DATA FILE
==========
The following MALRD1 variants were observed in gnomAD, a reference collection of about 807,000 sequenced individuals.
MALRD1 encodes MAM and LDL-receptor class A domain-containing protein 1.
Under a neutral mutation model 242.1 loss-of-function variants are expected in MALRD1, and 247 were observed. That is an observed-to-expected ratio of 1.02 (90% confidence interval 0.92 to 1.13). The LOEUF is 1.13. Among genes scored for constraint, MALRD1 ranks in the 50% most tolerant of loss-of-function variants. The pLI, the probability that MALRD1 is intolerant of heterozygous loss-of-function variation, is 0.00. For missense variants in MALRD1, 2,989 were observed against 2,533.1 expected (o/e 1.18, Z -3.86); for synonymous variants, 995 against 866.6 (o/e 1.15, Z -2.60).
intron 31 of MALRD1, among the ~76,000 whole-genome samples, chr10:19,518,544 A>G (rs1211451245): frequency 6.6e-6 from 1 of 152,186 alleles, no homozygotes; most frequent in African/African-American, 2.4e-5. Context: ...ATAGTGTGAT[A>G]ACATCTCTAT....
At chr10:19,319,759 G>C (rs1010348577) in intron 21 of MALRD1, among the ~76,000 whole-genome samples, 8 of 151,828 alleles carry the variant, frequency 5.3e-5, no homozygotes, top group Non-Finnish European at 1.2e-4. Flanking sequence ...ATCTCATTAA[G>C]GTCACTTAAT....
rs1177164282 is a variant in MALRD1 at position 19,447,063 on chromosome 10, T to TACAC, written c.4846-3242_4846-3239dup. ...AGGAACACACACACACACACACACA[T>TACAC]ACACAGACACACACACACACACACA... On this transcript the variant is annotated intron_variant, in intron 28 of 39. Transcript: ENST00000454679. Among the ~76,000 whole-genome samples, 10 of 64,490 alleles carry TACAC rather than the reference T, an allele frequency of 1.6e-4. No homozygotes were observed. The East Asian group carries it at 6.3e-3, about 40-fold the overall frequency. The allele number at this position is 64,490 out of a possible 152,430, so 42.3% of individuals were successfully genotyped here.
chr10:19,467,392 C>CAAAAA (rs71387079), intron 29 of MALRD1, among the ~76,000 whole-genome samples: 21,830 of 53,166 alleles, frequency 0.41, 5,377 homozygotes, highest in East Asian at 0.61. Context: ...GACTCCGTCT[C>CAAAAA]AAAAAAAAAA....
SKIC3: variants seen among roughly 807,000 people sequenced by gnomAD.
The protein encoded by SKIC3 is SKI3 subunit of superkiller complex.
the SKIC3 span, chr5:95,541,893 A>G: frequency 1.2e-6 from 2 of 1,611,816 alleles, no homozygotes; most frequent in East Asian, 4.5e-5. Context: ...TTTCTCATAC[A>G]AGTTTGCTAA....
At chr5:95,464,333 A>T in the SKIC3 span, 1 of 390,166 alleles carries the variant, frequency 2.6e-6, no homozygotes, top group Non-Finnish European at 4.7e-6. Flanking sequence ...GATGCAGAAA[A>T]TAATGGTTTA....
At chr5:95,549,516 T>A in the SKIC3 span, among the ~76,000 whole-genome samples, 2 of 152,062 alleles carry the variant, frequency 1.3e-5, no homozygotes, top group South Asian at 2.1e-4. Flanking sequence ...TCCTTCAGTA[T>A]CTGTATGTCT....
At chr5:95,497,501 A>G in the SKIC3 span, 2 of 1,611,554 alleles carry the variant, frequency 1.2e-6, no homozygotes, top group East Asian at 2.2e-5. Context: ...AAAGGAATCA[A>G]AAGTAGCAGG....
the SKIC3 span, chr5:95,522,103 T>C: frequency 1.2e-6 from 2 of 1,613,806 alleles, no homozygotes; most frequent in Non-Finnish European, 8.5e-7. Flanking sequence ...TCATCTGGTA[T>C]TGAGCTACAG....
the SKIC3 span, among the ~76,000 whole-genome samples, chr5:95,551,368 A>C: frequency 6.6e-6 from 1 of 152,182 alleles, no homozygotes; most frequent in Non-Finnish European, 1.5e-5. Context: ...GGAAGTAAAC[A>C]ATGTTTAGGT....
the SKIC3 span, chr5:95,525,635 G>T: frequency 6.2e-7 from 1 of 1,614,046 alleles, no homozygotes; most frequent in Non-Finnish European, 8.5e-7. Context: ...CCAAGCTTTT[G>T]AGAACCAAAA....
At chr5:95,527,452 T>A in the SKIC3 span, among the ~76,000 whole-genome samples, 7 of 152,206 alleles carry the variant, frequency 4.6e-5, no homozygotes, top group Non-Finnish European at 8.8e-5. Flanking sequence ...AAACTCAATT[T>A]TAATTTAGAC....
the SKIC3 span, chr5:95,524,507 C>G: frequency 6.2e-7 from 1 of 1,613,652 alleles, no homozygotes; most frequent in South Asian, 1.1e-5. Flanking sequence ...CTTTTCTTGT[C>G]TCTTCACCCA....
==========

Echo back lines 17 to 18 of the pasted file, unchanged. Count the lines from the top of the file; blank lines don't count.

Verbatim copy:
At chr5:95,527,452 T>A in the SKIC3 span, among the ~76,000 whole-genome samples, 7 of 152,206 alleles carry the variant, frequency 4.6e-5, no homozygotes, top group Non-Finnish European at 8.8e-5. Flanking sequence ...AAACTCAATT[T>A]TAATTTAGAC....
the SKIC3 span, chr5:95,524,507 C>G: frequency 6.2e-7 from 1 of 1,613,652 alleles, no homozygotes; most frequent in South Asian, 1.1e-5. Flanking sequence ...CTTTTCTTGT[C>G]TCTTCACCCA....